Hamdok: Sudan witnessing comprehensive national crisis
In a press conference, Dr. Abdallah Hamdok, the Prime Minister of Sudan, has said that his country is currently witnessing a comprehensive national crisis that is threatening the existence of Sudan itself.
Hamdok, during his address, stated that Sudan’s crisis is represented by the escalation in disputes between partners of the transitional period.
These disputes, as per the prime minister, have become symbolic of the crisis Sudan is currently living through.
The Prime Minister warned that this escalation not only poses a threat to the transitional period, but to the existence of Sudan itself.
“Efforts have been made to communicate with the various parties and defuse the crisis, which I believe will only be resolved within the framework of a comprehensive political settlement that includes the unification of the front,” Dr. Hamdok said.
The unification of the transitional bloc, the army, and the decision making centers ranked among top priorities of what Hamdok considered the “foundations for a comprehensive political settlement”.
Among the many other obstacles threatening the course of the transitional period are the prevalent economic issues, the nationwide issue of lax security, social tensions, corruption, and challenges facing the peace process, among others.
The Prime Minister Suggests
Dr. Abdallah Hamdok called for a reform of the security and military sector, having particularly mentioned concerns regarding the security issue multiple times during his press conference.
One of the requirements proposed by him regarding the security and military reform suggested revising the economic activity of military industries and limiting it to industries of a military nature.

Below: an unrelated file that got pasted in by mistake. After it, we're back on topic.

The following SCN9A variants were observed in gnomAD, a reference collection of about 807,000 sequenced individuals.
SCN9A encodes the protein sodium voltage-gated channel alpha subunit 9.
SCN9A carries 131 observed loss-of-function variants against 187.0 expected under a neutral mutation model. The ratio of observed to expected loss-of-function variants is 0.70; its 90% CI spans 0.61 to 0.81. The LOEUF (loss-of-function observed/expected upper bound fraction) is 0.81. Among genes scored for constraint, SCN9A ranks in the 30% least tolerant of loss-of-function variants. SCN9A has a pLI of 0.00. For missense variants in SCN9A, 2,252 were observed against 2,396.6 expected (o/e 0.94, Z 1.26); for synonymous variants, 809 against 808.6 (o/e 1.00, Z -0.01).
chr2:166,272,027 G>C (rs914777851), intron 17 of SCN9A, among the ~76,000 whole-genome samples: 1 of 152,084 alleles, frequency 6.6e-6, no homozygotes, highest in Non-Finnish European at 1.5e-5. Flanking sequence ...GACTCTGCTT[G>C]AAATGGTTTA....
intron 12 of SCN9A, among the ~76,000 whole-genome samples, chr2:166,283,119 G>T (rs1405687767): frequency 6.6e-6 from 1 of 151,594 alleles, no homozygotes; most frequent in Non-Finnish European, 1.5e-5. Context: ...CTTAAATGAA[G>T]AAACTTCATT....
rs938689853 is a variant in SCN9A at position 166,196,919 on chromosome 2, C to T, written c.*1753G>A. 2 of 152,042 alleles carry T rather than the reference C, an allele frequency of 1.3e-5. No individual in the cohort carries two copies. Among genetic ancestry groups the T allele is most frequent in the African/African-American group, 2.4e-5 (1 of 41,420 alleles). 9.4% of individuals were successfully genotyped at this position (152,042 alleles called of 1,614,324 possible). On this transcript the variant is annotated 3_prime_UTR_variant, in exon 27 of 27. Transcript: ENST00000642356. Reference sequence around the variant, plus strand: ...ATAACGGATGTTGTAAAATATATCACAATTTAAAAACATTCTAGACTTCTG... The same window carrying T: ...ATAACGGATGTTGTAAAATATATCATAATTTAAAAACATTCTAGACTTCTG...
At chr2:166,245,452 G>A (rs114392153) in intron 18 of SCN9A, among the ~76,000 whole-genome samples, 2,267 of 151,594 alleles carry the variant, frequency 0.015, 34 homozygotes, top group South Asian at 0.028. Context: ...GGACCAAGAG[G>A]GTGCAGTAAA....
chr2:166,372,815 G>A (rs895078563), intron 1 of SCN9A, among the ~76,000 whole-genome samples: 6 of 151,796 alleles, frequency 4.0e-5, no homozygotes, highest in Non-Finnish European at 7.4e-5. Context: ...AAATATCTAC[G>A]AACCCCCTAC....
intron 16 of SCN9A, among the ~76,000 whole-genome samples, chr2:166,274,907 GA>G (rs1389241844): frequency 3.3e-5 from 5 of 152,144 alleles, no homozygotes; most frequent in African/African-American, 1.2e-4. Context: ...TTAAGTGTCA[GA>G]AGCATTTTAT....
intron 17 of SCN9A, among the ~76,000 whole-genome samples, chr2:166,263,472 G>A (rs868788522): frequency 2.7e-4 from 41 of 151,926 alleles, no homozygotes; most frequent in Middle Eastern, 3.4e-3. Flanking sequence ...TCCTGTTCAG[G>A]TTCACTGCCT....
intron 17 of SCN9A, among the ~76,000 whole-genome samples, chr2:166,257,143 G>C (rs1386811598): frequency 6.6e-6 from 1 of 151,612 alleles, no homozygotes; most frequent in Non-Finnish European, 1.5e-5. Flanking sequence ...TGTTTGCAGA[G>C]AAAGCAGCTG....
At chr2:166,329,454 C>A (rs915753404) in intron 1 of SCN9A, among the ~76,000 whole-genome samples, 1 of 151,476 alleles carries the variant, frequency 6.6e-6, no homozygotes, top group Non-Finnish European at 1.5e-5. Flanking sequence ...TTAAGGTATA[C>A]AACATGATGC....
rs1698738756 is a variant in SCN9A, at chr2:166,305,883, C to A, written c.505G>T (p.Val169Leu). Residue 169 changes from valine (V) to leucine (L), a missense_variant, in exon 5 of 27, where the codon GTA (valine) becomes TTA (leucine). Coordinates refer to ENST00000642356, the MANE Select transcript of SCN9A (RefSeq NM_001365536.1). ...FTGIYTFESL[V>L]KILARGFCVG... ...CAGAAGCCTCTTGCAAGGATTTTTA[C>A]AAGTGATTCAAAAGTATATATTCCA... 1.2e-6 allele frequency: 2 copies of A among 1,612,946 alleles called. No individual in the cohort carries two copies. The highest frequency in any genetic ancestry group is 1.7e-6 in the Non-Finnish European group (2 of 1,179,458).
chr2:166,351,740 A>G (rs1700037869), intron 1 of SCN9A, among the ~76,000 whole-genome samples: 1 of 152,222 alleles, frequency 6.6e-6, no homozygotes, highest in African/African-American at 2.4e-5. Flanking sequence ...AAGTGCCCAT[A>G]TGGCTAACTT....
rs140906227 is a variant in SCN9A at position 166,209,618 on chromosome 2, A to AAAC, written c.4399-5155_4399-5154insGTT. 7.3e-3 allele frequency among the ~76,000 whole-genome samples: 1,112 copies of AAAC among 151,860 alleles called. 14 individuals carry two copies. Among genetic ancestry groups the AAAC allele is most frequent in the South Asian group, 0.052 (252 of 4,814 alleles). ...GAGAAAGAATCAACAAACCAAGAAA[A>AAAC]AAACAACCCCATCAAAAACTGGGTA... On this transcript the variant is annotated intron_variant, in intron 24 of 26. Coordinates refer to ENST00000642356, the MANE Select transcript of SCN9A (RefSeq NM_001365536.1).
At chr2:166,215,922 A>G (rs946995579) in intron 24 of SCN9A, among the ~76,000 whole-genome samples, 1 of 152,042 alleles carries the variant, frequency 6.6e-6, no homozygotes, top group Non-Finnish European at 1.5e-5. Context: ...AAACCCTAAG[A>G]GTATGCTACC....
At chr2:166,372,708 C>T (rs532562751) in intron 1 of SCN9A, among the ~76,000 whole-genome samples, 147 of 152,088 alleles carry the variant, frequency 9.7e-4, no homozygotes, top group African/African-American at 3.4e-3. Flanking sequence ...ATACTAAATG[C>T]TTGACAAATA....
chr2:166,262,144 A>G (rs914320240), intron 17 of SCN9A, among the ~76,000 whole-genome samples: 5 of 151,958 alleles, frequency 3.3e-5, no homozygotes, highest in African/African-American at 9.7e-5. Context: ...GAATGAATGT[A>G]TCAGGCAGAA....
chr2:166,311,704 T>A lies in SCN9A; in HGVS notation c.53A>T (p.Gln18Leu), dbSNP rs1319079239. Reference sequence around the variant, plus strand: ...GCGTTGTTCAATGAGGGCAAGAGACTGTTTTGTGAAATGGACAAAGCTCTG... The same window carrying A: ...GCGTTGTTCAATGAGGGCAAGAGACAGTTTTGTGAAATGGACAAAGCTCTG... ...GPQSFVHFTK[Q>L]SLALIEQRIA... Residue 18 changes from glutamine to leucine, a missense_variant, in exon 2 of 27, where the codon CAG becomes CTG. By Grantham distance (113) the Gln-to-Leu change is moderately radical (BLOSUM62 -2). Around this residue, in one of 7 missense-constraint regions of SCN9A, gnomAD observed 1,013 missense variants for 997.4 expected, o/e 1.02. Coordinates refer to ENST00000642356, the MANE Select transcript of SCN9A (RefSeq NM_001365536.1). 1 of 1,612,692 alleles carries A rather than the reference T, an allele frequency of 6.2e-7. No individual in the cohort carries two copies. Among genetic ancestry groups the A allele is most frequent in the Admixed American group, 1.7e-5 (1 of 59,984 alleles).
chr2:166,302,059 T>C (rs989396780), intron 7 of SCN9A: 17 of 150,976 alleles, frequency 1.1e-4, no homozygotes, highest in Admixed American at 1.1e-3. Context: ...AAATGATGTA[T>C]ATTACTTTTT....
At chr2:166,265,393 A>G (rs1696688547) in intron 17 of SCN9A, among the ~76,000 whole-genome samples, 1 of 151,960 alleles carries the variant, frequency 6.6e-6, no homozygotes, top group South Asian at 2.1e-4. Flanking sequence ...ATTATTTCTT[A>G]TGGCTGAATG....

The prime minister also suggested integrating its economic activity into the national economy under the Ministry of Finance’s jurisdiction over public money.
Reforms to the issue of justice in Sudan, a key cornerstone and one third of the 2019 revolution’s slogan— freedom, peace, justice— were also proposed.
The reforms addressed in particular the infamous sit-in dispersal crimes that took hundreds of lives in one of the worst displays of violence witnessed in the Sudanese capital of Khartoum.
Hamdok stressed that no one should be able to evade due punishment for these crimes, and that justice for families and reforms to justice and security institutions must be ensured.
Regarding the economy, the Sudanese prime minister ensured that Sudan’s natural resources like gold and animal wealth were sufficient to help it make it out of its current economic crisis.
The issue to him lies in mismanagement of said resources and the state apparatus’s control over their export revenue, suggesting that the Ministry of Finance must impose control over public money.
Regarding the Legislative council, Hamdok put a time-frame onto the council’s formation, with an added stipulation.
“All parties are obligated to form the Legislative Council within a maximum period of one month from now and with the participation of all parties except for the National Congress (party) and those who have committed crimes and corruption against the country.”